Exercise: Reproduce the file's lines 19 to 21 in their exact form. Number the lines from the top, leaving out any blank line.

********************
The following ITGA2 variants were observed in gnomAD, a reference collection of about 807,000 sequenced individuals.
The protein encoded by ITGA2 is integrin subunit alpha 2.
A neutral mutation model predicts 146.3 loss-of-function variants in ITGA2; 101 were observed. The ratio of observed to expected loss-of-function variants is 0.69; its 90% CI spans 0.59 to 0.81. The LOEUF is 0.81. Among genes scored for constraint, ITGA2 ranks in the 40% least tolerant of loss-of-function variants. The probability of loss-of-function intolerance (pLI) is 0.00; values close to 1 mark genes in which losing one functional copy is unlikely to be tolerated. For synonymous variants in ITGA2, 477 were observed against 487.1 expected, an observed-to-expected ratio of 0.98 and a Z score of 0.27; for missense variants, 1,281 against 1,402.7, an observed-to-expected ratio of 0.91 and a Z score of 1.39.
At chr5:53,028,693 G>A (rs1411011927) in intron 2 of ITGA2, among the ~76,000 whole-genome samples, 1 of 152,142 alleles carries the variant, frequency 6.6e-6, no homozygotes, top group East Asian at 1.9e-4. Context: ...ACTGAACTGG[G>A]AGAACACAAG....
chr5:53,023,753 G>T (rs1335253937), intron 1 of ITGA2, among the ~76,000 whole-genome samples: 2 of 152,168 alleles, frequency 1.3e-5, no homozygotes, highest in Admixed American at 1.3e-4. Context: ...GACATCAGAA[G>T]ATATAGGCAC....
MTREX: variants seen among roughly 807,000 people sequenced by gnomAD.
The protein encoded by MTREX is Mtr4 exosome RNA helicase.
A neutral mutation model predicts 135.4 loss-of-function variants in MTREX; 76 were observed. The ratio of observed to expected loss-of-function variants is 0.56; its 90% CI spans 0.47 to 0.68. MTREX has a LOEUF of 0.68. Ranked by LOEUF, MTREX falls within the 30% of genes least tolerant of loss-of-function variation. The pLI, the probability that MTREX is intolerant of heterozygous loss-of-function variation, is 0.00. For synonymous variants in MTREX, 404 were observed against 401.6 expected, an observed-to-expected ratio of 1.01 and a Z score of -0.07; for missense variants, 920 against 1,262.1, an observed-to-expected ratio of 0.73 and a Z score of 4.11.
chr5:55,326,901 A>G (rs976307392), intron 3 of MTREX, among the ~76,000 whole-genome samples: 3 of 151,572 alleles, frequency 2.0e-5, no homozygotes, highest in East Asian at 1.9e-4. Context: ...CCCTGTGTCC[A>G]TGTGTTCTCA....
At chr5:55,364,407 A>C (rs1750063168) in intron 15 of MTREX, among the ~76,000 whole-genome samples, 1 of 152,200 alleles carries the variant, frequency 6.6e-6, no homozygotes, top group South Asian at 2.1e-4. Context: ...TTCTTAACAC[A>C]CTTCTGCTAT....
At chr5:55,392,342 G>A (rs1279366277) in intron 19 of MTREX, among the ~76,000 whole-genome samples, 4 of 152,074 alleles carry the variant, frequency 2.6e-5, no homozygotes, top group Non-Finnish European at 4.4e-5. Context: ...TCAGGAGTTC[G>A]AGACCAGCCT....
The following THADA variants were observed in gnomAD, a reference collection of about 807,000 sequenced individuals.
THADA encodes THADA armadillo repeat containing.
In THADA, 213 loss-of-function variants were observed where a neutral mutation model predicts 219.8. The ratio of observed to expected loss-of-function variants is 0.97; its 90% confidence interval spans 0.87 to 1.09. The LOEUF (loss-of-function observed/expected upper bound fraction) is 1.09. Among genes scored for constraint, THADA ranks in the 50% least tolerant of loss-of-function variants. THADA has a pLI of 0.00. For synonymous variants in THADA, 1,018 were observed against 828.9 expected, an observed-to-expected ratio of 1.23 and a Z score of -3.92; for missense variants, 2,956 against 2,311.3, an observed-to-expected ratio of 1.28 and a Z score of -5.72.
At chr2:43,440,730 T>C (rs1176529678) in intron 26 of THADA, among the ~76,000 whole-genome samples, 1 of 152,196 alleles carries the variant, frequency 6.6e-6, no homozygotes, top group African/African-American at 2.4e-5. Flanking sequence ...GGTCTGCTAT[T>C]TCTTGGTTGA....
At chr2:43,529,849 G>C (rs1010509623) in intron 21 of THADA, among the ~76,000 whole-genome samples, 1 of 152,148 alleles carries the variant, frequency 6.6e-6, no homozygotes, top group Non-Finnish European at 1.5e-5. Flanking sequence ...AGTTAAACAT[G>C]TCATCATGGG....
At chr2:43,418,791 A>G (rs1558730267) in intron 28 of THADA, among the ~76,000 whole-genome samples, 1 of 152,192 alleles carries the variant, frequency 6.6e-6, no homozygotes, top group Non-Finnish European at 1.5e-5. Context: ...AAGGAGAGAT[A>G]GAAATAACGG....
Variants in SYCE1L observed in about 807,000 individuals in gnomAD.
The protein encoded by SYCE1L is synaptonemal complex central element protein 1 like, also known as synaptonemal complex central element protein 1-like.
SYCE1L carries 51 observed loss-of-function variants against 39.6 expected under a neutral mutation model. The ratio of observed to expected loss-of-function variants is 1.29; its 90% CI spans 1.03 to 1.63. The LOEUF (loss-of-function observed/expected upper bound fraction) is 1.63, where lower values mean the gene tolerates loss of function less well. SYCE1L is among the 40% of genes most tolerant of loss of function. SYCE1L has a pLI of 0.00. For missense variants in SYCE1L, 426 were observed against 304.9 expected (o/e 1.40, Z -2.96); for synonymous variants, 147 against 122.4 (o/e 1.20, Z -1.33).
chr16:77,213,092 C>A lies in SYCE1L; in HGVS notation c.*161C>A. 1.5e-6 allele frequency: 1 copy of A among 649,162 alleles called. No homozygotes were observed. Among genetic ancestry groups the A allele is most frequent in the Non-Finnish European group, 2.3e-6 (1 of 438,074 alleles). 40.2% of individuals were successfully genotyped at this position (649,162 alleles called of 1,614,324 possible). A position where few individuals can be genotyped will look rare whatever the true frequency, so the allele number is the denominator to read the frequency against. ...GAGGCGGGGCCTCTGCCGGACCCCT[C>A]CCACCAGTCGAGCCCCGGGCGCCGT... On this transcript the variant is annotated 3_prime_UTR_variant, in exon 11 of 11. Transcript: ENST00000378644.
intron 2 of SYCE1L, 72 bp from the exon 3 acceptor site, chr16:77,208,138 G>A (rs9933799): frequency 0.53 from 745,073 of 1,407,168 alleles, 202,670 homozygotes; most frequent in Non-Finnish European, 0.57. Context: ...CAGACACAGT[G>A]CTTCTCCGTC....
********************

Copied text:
The protein encoded by SYCE1L is synaptonemal complex central element protein 1 like, also known as synaptonemal complex central element protein 1-like.
SYCE1L carries 51 observed loss-of-function variants against 39.6 expected under a neutral mutation model. The ratio of observed to expected loss-of-function variants is 1.29; its 90% CI spans 1.03 to 1.63. The LOEUF (loss-of-function observed/expected upper bound fraction) is 1.63, where lower values mean the gene tolerates loss of function less well. SYCE1L is among the 40% of genes most tolerant of loss of function. SYCE1L has a pLI of 0.00. For missense variants in SYCE1L, 426 were observed against 304.9 expected (o/e 1.40, Z -2.96); for synonymous variants, 147 against 122.4 (o/e 1.20, Z -1.33).
chr16:77,213,092 C>A lies in SYCE1L; in HGVS notation c.*161C>A. 1.5e-6 allele frequency: 1 copy of A among 649,162 alleles called. No homozygotes were observed. Among genetic ancestry groups the A allele is most frequent in the Non-Finnish European group, 2.3e-6 (1 of 438,074 alleles). 40.2% of individuals were successfully genotyped at this position (649,162 alleles called of 1,614,324 possible). A position where few individuals can be genotyped will look rare whatever the true frequency, so the allele number is the denominator to read the frequency against. ...GAGGCGGGGCCTCTGCCGGACCCCT[C>A]CCACCAGTCGAGCCCCGGGCGCCGT... On this transcript the variant is annotated 3_prime_UTR_variant, in exon 11 of 11. Transcript: ENST00000378644.